Supplementary Material for: Does It Matter Who Provides Psychological Interventions for Medically Unexplained Symptoms? A Meta-Analysis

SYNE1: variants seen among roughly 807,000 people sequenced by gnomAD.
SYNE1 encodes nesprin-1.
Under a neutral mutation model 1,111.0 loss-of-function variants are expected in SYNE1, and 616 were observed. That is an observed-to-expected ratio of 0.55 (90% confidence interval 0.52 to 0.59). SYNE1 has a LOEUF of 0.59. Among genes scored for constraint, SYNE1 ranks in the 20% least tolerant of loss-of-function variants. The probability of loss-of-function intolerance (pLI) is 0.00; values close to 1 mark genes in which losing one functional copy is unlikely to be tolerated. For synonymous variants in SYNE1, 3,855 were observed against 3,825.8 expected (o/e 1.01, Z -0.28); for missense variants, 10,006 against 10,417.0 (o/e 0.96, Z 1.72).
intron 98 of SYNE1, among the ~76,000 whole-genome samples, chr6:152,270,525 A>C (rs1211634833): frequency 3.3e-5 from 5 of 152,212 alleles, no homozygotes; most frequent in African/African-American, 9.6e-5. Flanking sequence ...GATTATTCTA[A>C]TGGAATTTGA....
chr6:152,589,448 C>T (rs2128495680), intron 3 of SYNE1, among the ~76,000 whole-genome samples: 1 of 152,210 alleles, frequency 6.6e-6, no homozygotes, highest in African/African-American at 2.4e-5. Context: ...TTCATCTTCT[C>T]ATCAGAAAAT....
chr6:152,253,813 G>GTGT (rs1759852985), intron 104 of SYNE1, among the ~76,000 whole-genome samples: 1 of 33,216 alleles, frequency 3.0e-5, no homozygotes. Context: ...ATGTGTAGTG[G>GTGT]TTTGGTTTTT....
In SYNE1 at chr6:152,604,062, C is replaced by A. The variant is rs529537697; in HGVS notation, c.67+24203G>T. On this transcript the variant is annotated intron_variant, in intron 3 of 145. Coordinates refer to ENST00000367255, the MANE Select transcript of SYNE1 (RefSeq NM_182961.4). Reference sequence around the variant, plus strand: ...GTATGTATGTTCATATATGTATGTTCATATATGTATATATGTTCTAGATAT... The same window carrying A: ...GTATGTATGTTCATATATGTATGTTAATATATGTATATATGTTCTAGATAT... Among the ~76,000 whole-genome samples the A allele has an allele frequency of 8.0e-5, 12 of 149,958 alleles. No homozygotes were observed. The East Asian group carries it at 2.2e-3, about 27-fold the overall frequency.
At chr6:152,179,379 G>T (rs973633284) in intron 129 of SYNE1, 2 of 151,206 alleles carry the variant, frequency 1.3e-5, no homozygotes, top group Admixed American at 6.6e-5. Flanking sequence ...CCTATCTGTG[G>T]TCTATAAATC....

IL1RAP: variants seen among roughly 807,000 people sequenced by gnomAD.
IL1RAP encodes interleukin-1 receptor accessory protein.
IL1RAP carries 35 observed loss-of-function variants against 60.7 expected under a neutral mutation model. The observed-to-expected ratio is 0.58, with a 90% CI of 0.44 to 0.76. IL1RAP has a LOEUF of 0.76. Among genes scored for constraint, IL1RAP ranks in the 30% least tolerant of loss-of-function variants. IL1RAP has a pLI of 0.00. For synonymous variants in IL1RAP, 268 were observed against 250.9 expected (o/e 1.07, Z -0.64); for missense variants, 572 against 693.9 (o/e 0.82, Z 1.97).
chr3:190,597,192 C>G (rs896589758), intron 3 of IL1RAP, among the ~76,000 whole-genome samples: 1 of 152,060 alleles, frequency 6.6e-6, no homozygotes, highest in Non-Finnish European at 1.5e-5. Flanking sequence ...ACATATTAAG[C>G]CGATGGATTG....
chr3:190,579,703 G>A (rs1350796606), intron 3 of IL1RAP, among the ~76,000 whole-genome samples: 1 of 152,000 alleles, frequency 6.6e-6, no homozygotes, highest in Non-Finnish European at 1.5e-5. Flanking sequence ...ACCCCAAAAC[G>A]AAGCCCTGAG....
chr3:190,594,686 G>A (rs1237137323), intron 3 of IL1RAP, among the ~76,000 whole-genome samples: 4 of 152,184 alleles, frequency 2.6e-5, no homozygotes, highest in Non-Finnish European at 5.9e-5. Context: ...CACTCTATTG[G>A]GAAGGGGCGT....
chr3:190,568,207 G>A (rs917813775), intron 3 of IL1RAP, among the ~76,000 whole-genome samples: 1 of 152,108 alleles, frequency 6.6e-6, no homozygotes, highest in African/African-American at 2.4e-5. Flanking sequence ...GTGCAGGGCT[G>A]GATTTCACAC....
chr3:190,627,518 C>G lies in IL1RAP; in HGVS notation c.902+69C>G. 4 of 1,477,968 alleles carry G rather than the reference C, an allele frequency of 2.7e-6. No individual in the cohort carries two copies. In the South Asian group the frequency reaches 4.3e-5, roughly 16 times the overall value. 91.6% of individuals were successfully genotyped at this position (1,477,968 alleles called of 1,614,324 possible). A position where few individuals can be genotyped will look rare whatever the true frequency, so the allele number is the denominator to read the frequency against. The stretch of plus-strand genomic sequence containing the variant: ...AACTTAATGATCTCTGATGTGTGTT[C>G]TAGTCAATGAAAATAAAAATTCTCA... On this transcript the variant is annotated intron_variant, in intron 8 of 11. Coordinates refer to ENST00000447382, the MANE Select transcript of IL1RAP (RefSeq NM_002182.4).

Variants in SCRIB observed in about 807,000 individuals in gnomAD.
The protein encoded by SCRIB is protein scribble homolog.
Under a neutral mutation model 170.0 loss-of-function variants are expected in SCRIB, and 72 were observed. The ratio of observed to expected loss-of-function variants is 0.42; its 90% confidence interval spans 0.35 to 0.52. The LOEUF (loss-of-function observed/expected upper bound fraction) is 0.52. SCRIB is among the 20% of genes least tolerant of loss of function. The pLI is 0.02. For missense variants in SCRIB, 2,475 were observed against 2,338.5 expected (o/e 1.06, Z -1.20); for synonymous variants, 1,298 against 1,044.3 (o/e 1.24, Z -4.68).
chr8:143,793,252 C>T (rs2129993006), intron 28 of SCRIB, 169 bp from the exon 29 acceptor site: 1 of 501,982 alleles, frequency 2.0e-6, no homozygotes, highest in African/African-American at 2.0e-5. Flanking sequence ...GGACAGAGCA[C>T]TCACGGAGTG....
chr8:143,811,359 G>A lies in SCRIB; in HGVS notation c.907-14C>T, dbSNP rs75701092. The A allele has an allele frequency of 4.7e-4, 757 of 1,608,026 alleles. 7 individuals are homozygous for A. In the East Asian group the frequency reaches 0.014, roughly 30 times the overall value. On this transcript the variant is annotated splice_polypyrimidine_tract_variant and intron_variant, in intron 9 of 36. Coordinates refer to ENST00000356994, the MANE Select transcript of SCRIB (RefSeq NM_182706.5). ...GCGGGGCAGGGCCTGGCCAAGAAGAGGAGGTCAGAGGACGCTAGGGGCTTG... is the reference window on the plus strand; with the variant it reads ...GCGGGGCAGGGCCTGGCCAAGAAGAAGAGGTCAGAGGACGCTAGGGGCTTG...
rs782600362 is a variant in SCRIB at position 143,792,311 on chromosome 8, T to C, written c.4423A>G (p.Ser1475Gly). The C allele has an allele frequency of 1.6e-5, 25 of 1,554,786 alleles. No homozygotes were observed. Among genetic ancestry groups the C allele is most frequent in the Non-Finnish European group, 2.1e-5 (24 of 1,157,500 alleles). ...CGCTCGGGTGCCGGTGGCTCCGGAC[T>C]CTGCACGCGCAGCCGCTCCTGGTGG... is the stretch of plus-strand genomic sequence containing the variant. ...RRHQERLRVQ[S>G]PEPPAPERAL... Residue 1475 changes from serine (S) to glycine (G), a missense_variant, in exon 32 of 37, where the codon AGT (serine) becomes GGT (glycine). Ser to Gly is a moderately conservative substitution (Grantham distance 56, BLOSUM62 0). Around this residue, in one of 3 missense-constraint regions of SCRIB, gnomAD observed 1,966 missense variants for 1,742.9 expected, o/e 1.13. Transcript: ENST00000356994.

<b><i>Background:</i></b> Patients with medically unexplained symptoms (MUS) are difficult to treat and cause high health-care costs. Psychological interventions might be a beneficial option for treating patients with MUS, but evidence is inconsistent. This meta-analysis compares the effectiveness of psychological interventions for MUS - delivered either by psychotherapists (PTs) or by general practitioners (GPs) - with that of usual care. <b><i>Method:</i></b> We conducted a systematic review and meta-analysis on randomised controlled trials of psychological interventions for MUS. Physical symptoms were the primary outcome, and physical functioning and psychological symptoms were the secondary outcomes. We pooled between-group effect sizes (ESs) after the treatment and at the follow-up in random-effects meta-regressions and stratified meta-analyses. We repeated these analyses with the intervention provider, intervention dose, MUS severity and methodological quality as predictors of relative intervention effects. <b><i>Results:</i></b> A total of 3,225 patients in 20 studies were analysed. After the treatment, small and significant ESs were found for all 3 outcome domains (ES range: 0.13-0.19, all p < 0.05). Psychological interventions were more beneficial for physical symptoms when delivered by PTs than by GPs (p = 0.02). There was no difference between PTs and GPs in terms of physical functioning and psychological symptoms. <b><i>Conclusion:</i></b> Psychological interventions are effective for patients with MUS, but the effects are small and most likely of short duration. Interventions that are delivered by PTs appear to have larger effects on unexplained physical symptoms than those delivered by GPs. Whether this superiority is due to a larger number of sessions of PT interventions remains unclear from our findings.